Jen Rachman, social worker at Circle Surrogacy, contributes to Cure Magazine in “The other option: Surrogacy after cancer.” Here she shares her experiences on her journey to parenthood.
In 1754, the term “serendipity” was coined by Horace Walpole from the fairy tale Three Princes of Serendip. The story’s heroes “were always making discoveries, by accidents and sagacity, of things they were not in quest of.”
I was looking for something exceptional in my surrogacy, but I was not necessarily in quest of the exact journey on which I was about to embark. When I applied to become a surrogate, I had never thought of all the different walks of life waiting and hoping for someone to come along and help create a family for them. With that in mind, I can now say I have experienced serendipity in its greatest form.
As a gestational surrogate, you have no genetic link to the child you carry. Your body becomes a home to your intended parents’ (IPs) child. And through your nine-months of gestation brings a lifetime of happiness for a family that may not have been created without your generosity and help.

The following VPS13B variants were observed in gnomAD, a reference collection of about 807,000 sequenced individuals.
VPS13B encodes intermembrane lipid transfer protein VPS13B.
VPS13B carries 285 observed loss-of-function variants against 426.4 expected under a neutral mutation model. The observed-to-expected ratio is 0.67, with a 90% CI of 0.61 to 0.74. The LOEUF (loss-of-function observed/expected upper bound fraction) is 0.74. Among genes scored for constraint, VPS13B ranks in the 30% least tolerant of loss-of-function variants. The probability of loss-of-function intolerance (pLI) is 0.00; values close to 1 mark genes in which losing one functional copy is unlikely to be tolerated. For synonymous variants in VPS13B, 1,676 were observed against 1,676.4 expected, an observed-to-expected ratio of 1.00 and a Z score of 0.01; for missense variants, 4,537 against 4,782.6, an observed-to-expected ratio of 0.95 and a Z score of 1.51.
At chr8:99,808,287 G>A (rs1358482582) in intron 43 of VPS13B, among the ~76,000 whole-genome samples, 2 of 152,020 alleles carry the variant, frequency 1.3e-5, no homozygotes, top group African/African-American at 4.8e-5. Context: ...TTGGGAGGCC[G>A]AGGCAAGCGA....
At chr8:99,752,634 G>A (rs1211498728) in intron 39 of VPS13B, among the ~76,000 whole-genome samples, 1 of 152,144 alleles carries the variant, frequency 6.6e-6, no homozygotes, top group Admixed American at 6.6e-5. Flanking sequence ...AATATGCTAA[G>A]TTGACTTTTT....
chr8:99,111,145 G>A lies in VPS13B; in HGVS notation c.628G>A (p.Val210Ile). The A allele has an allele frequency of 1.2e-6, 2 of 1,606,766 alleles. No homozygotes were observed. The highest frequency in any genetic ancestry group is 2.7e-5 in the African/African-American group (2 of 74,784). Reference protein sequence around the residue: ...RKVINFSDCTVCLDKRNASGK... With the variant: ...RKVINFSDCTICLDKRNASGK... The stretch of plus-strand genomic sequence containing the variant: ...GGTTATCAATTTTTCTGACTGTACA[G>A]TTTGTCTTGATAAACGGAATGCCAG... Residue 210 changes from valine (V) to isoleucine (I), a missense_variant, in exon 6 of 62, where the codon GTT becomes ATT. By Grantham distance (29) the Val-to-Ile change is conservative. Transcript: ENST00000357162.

With that in mind, we compiled a list of the top five benefits of becoming a surrogate.
1. Enriching the lives of your IPs as well as bringing one into the world. IPs pursue surrogacy for many reasons— some are same-sex couples, some are heterosexual couples who struggle with infertility, and others are single parents who want to start a family. Your act of becoming a surrogate gives the gift of life to you IPs.
An independent assisted reproduction arrangement gone wrong makes headlines in Australia. The intended mothers and sperm donor found themselves in the Federal Circuit Court arguing about parentage. “The case is a clear illustration of the danger for all concerned when a known donor arrangement goes sour,” says Stephen Page, one of Australia’s leading surrogacy lawyers. Read his blog post about the court case below, or click here.
Family structure has changed markedly in the past few decades. Starting a family is now possible for a greater variety of intended parents due to the advances in assisted reproduction technologies (ARTs), allowing lesbian and gay parents to start families for example.